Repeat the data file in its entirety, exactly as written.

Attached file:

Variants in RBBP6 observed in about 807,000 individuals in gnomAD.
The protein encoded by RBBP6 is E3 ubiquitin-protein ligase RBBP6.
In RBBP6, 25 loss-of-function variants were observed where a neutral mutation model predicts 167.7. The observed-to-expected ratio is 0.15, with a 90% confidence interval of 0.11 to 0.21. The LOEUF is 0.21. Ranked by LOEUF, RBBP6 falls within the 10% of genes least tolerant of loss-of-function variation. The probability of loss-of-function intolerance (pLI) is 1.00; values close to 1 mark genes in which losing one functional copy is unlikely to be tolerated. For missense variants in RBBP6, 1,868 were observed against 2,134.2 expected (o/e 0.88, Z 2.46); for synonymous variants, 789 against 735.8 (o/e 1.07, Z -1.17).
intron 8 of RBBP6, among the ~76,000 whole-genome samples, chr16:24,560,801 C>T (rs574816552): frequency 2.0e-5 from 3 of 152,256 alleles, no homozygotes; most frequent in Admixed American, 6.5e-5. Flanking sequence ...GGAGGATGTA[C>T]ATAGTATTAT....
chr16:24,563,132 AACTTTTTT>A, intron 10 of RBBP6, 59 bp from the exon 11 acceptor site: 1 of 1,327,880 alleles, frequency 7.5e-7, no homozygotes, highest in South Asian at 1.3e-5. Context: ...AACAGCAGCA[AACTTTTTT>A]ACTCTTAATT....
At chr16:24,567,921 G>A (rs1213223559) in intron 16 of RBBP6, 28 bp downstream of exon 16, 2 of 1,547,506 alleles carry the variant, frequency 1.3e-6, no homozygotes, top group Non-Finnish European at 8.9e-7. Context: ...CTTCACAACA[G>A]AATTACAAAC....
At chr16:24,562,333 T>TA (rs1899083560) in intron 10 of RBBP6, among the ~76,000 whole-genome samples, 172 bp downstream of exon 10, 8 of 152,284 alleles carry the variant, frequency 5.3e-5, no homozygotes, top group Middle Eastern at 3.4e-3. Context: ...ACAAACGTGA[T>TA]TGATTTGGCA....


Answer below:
Variants in RBBP6 observed in about 807,000 individuals in gnomAD.
The protein encoded by RBBP6 is E3 ubiquitin-protein ligase RBBP6.
In RBBP6, 25 loss-of-function variants were observed where a neutral mutation model predicts 167.7. The observed-to-expected ratio is 0.15, with a 90% confidence interval of 0.11 to 0.21. The LOEUF is 0.21. Ranked by LOEUF, RBBP6 falls within the 10% of genes least tolerant of loss-of-function variation. The probability of loss-of-function intolerance (pLI) is 1.00; values close to 1 mark genes in which losing one functional copy is unlikely to be tolerated. For missense variants in RBBP6, 1,868 were observed against 2,134.2 expected (o/e 0.88, Z 2.46); for synonymous variants, 789 against 735.8 (o/e 1.07, Z -1.17).
intron 8 of RBBP6, among the ~76,000 whole-genome samples, chr16:24,560,801 C>T (rs574816552): frequency 2.0e-5 from 3 of 152,256 alleles, no homozygotes; most frequent in Admixed American, 6.5e-5. Flanking sequence ...GGAGGATGTA[C>T]ATAGTATTAT....
chr16:24,563,132 AACTTTTTT>A, intron 10 of RBBP6, 59 bp from the exon 11 acceptor site: 1 of 1,327,880 alleles, frequency 7.5e-7, no homozygotes, highest in South Asian at 1.3e-5. Context: ...AACAGCAGCA[AACTTTTTT>A]ACTCTTAATT....
At chr16:24,567,921 G>A (rs1213223559) in intron 16 of RBBP6, 28 bp downstream of exon 16, 2 of 1,547,506 alleles carry the variant, frequency 1.3e-6, no homozygotes, top group Non-Finnish European at 8.9e-7. Context: ...CTTCACAACA[G>A]AATTACAAAC....
At chr16:24,562,333 T>TA (rs1899083560) in intron 10 of RBBP6, among the ~76,000 whole-genome samples, 172 bp downstream of exon 10, 8 of 152,284 alleles carry the variant, frequency 5.3e-5, no homozygotes, top group Middle Eastern at 3.4e-3. Context: ...ACAAACGTGA[T>TA]TGATTTGGCA....